My first programming language, created before learning compiler theories because I want to put some ideas into practise.
Its syntax looks like Lisp, and I removed all syntax sugars to make the parser’s time complexity proportional to the code length. Encouraged by Marisa, I successfully implemented three evaluation models – call by name (like but not C’s macro), call by value (the most common one) and call by need (lazy evaluation).
It’s written in Kotlin, execute through traversing AST (it’s naive, I know). It also has a unfinished Haskell implementation.
This language doesn’t have reserved words, all the language construct (including control flows like
while, anonymous function creation like
very basic stuffs like
defexpr) are implemented in the standard library.
The way standard library is provided is bizarre: I write a Kotlin class and bind all their methods to Lice’s symbol table.
Lice’s purpose is to be a scripting language depends on JVM languages, all the complicated programs should be written in JVM languages and invoked in Lice by using Lice’s API.
The worst point of Lice is it’s name – it means a kind of insect, but I didn’t know this when I name it (I was at school, no internet access)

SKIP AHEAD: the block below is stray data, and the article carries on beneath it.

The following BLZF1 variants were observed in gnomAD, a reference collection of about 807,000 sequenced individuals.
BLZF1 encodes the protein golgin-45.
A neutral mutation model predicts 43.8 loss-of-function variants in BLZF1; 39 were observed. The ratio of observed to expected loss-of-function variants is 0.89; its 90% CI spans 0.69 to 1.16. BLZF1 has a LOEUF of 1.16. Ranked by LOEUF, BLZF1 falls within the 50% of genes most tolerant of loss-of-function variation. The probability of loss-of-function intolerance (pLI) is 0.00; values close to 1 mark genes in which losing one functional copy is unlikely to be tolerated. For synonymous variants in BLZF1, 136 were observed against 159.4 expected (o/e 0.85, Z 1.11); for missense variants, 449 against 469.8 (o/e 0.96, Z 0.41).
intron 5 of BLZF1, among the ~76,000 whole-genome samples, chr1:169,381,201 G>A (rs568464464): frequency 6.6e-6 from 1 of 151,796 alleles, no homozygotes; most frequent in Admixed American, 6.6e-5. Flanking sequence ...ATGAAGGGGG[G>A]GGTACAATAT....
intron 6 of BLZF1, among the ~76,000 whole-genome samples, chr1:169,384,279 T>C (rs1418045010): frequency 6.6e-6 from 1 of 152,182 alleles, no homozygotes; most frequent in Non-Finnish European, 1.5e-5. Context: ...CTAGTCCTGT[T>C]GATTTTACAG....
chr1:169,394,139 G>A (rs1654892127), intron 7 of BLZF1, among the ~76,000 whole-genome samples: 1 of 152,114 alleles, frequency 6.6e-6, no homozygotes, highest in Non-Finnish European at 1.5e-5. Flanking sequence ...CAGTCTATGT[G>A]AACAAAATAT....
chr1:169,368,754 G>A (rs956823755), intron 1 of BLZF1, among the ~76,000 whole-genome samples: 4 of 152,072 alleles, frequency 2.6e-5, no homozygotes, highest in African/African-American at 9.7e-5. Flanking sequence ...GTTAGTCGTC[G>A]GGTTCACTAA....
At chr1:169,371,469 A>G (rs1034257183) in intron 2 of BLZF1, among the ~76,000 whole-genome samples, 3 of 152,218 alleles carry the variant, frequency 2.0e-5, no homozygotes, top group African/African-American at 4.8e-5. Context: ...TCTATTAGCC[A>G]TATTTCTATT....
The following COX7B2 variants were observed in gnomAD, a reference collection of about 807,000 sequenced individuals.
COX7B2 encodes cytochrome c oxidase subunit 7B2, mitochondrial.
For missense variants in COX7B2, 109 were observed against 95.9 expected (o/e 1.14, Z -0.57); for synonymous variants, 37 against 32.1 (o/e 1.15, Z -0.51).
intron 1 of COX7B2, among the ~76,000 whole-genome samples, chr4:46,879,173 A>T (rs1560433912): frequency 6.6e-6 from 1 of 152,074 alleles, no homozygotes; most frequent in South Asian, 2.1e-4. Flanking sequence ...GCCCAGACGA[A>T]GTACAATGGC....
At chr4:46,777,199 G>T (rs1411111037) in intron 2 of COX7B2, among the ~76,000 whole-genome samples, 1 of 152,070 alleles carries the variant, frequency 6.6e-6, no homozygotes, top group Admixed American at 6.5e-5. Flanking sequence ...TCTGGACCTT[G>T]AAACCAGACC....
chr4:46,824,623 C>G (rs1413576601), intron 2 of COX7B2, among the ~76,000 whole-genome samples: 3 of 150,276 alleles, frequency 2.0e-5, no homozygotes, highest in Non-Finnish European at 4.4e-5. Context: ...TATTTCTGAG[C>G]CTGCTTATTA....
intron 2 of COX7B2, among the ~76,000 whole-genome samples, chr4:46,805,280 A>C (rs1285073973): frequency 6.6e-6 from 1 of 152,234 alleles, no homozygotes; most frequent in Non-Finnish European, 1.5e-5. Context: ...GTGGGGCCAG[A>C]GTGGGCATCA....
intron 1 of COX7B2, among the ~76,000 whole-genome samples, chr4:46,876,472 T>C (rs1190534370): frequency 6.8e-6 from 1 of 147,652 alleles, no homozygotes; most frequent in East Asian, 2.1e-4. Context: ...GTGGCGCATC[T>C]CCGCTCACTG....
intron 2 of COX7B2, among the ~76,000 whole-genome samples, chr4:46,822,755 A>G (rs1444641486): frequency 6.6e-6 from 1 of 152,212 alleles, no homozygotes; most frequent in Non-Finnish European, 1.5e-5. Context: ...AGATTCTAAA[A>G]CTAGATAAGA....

- IntelliJ IDEA-based IDE
- Command line REPL（支持彩色输出和代码补全）
- Android RPEL
- Language Reference
- Interpreter Source
- Tiny Interpreter
The AST Editor, code formater appeared with the first version are all lost along with the change of my working environment.
Here’s a video about Lice:
This is a programming language created by my friend Michael Lee, written in C++. The detailed description is on it’s website so I’ll just put some comments here.
This is a C-like language (at least the function call syntax is of C style), while functions, structs, namespaces are ends with
end like Ruby, and it has the concepts of
using (the module system).
Its parser is hand-written (very complex, although parsers are trivial), which impressed me (I didn’t even think of that when working on Lice, I just wrote an AST evaluator).
This language supports invoking functions written in C++, like JNI.
CovScript mostly features its powerful standard library, which has database, GUI, web access, regular expressions.
- IntelliJ IDEA-based IDE, my new year present for MikeCovLee in 2018
- Interpreter Source